Pants are political. As much as I like dresses, I am thankful for pioneers who fought for the right to choose one’s attire. Women’s clothing has been seen as a threat at so many points throughout history—and still is. Exercise your right today!
9 responses to “The Politics of Pants”
Cool post, very informative. I am wearing pants today too.
Great article! In the 60’s – girls were not allowed to wear pants to school. I remember blustery, winter days wearing pants under my skirts and having to take them off when I got to school.
We’ve come a long way, baby!
Great post and very informative. Raised many points that i didn’t know about. How surprising that californian women could be told not to wear trousers as recent as that.
I love your cross-cultural historical overview, it really lets one appreciate how relative, how arbitrary gender-based dress-codes are! And it’s really scary that the possibility to prohibit women from pants-wearing was still in place in California (of all places) as late as 1995! (But then, one is always astonished to find how long other relics of patriarchy remained in place; I think the possibility of rape within a marriage was introduced into law as late as the 1990s, too – at least in Germany, I don’t know about the US)… I’m glad that today there’s no question I’m allowed to wear pants, even though I prefer to wear skirts for a variety of reasons, because sometimes pants are indeed more practical.
Wow this was so interesting to read. Plus, I’m wearing pants today too!! And that is really a rare thing for me. My boyfriend occasionally wears skirts and sarongs, he’s pretty freaking awesome 🙂
I did not realise it was a big thing for women to wear trousers in some societies and I can’t believe that about california. I suppose, school uniforms here are still that way in the UK – girls have to wear skirts. I think the most important thing about trousers is the ease of movement they have allowed in comparison to complex types of skirts ion which you basically couldn’t move!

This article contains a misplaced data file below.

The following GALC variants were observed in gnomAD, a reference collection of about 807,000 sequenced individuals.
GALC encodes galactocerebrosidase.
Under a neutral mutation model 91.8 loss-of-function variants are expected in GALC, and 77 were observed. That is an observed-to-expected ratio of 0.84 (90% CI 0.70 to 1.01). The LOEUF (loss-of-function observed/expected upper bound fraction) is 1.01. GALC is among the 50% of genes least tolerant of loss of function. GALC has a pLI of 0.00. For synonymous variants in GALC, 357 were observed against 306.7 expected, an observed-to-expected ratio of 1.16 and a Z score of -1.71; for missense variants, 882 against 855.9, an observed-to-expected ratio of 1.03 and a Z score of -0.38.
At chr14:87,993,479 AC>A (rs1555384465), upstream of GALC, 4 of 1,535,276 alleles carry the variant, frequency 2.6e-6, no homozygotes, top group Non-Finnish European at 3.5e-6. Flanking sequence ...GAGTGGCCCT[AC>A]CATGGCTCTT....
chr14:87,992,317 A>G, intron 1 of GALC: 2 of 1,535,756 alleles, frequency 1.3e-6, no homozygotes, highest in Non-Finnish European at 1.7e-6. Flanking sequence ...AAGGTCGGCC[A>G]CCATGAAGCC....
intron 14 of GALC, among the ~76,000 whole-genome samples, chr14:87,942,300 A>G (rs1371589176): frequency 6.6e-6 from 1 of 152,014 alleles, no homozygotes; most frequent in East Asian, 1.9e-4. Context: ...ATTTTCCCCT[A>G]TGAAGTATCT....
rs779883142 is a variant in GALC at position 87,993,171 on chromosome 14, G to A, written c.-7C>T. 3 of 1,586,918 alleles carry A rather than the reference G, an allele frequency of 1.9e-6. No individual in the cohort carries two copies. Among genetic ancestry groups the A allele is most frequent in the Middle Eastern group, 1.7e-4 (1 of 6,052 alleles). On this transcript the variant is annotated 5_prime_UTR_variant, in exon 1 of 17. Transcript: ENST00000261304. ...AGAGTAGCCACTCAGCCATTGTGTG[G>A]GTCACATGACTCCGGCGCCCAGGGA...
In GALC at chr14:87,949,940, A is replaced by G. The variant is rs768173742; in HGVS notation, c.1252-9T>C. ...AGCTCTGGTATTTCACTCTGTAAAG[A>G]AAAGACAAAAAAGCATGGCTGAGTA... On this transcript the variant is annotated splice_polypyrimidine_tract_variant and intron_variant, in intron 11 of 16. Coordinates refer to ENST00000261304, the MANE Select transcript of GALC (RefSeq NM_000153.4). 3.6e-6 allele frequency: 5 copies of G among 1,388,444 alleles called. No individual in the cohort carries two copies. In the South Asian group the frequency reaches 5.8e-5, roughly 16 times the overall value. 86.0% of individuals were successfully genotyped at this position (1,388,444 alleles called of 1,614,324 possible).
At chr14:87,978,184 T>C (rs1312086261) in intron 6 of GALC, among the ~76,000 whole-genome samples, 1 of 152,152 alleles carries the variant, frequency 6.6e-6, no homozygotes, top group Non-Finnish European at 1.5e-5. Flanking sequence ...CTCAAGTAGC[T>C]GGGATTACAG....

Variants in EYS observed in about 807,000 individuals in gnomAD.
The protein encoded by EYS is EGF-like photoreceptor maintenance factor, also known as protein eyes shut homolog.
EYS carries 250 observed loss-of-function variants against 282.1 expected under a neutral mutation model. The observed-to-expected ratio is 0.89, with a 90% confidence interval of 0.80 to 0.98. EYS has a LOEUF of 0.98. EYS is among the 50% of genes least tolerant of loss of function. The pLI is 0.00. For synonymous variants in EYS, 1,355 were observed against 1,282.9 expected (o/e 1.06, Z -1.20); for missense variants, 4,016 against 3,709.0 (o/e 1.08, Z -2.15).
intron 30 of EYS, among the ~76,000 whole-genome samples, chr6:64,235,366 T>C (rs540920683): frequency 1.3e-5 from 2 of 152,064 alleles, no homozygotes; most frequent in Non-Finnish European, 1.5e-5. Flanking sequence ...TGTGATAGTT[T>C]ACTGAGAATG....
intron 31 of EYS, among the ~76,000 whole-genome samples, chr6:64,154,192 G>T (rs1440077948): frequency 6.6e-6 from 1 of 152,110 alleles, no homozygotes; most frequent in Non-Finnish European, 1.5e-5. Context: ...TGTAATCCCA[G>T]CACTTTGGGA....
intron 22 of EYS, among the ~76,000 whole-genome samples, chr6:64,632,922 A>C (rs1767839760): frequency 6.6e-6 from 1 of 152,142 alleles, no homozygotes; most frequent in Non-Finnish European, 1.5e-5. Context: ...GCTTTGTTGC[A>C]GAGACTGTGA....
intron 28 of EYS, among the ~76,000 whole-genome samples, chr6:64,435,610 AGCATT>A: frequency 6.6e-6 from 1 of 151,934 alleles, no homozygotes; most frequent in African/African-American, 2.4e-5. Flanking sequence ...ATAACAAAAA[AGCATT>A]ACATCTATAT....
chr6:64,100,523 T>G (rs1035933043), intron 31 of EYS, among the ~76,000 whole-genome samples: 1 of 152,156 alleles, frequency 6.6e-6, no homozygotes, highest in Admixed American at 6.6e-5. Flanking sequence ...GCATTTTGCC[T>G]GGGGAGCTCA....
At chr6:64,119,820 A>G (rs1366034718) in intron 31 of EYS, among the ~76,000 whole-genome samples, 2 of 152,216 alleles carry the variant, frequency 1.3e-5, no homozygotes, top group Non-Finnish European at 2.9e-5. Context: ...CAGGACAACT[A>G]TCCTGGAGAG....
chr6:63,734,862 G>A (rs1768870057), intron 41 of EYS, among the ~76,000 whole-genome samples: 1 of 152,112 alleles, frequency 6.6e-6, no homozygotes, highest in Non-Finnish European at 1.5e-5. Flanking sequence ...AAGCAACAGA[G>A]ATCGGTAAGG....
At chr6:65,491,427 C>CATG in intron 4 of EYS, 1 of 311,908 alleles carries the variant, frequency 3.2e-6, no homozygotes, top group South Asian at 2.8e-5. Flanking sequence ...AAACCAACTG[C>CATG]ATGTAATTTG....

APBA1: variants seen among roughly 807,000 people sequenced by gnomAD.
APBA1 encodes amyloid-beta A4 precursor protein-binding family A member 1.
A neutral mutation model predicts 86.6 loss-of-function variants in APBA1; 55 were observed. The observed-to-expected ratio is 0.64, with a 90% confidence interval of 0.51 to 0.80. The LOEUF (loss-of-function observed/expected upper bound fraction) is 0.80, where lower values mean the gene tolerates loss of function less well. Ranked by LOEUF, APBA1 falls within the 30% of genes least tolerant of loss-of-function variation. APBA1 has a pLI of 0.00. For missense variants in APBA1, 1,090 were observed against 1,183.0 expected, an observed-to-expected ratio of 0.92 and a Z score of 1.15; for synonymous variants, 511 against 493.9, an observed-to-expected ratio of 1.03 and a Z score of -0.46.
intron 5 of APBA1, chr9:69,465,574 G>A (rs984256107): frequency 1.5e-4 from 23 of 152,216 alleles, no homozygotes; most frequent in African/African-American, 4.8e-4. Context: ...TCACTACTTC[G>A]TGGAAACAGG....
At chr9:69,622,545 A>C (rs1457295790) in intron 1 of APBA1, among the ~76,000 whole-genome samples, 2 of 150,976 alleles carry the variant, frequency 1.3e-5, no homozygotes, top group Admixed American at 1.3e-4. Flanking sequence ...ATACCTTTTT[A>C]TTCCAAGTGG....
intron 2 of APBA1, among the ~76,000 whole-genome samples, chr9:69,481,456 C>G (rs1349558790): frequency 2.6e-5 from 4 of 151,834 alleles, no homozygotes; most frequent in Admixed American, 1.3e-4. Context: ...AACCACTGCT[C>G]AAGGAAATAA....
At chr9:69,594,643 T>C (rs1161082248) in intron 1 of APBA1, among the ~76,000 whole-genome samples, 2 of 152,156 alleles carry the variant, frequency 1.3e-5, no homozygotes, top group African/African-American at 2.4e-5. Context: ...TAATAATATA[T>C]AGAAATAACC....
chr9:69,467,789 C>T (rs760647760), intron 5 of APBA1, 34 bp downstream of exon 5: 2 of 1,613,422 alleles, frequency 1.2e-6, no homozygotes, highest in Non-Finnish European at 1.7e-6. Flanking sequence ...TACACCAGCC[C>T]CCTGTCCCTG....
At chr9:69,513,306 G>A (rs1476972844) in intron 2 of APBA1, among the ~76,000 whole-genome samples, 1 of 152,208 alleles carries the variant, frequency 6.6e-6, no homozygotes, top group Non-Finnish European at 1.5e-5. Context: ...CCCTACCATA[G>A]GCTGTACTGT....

Fantastic historical journey, loved it!
But…1995? Are you freaking kidding me?! My mum used to (in the 70s) go to job interviews in trouser (pants)suits (and occasionally hot-pant suits – woah) to test the employer: if they didn’t like her wearing trousers, she wouldn’t work there. Go mum!
Really enjoyed this insight! I too can’t believe the legislature was introduced so recently – I suspect that there are ‘unwritten’ dress codes still in place, however. We were not only forbidden from wearing pants to school, we were also made to wear white rather than dark tights (with a navy uniform). Ridiculous for teenage girls – they were ruined frequently. Perhaps we weren’t demure enough… 😉
Thanks all! It was fun and sometimes alarming to research this topic. I learned a lot while writing this post. There’s still more to say – can’t fit it all in a reasonable space. I’m really interested in how clothing is political. Colors, styles, heels, pants…there’s a lot to look at, especially i context of culture and history.